Reaching the back of the tower, the two Brickheads rested for a half-second. The door was not on this side, so they would need to circle the building to find an entrance. Their comms were filled with static, so Chavez pointed first at Jennings, then the corner on their left. Chavez turned and went for the right. As Jennings stepped around the corner he spotted the heavy machine gun waiting for him. He leapt back, barely getting clear before bullets began tearing at the concrete and the air in front of him. Chavez wasn’t so lucky rounding the other side of the building. They wore a lot of armor, and at longer range, laying prone, the bullets might have deflected off. At less than forty feet, catching fire right in the chest, Chavez didn’t have much chance. Jennings bounced three grenades around the corner, then turned to help Chavez. Reaching her ankle, he dragged her behind the building before lobbing three more grenades into that alley. A handful of pockmarks showed where the armor had actually worked, but one furrow dug into the armor showed where a bullet had slid up the chest plate and under her helmet.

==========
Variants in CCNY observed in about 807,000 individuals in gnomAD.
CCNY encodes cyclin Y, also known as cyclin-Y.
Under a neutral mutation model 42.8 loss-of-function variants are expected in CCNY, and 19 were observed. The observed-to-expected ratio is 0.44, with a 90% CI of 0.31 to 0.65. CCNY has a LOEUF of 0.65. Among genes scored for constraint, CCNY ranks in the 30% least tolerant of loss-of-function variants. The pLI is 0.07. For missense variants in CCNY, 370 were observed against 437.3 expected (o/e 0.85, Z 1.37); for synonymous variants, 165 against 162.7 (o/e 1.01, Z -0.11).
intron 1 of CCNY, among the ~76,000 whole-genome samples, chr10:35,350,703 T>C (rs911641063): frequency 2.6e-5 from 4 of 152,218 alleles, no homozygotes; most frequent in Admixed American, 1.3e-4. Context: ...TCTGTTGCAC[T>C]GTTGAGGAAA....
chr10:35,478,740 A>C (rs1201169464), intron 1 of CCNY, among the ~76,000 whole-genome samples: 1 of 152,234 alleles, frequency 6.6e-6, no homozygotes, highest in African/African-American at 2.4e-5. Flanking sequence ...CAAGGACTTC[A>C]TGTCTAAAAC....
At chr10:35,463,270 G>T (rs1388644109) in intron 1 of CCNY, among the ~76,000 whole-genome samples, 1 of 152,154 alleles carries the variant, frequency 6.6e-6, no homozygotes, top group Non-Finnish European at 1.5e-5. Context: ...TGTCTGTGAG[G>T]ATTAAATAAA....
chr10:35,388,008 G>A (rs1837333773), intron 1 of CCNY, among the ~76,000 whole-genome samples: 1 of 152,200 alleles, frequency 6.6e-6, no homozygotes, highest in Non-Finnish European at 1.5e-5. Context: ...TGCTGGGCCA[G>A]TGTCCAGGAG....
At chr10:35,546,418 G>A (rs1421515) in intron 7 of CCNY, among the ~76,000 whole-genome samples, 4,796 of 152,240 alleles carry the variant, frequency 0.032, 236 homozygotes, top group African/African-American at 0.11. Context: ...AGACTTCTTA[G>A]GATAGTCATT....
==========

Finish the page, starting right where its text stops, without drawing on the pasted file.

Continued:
Jennings grabbed the demo charge from Chavez’s side, and slapped it onto the wall. He moved as far toward one alley as he dared, stepping back from the wall and crouching as the charge went off. Shaped charge explosives make a heck of a hole in one direction, but still blow a lot of shrapnel out to the sides as well. Jennings avoided most of it by not being in plane with the charge, but his armor still rattled with what he did catch. Jumping to his feet, Jennings dove through the door he had just made. Pulling down two display cases, he blocked the front door. Shoving a flagstaff through the push bar secured it just a little better. After that, he found the stairs.
Reaching the control room, he shot the two guards. An officer of some type still had his sidearm holstered. The officer reached for his weapon, struggling to get it clear, and stopped as he realized the futility of his situation. Jennings took two steps, punching the man in the face with an armored fist. The officer dropped to the floor, unconscious. The horrified controllers in the room broke and ran when Jennings started shouting at them and chasing them with his knife. It was one way to clear a room, and probably faster than shooting everyone. Down the stairs, he could hear revolutionary soldiers or whatever they were called trying to break through the front door. No time to do things neatly, Jennings shot every console and equipment box he saw, smashing two handheld radios to the ground.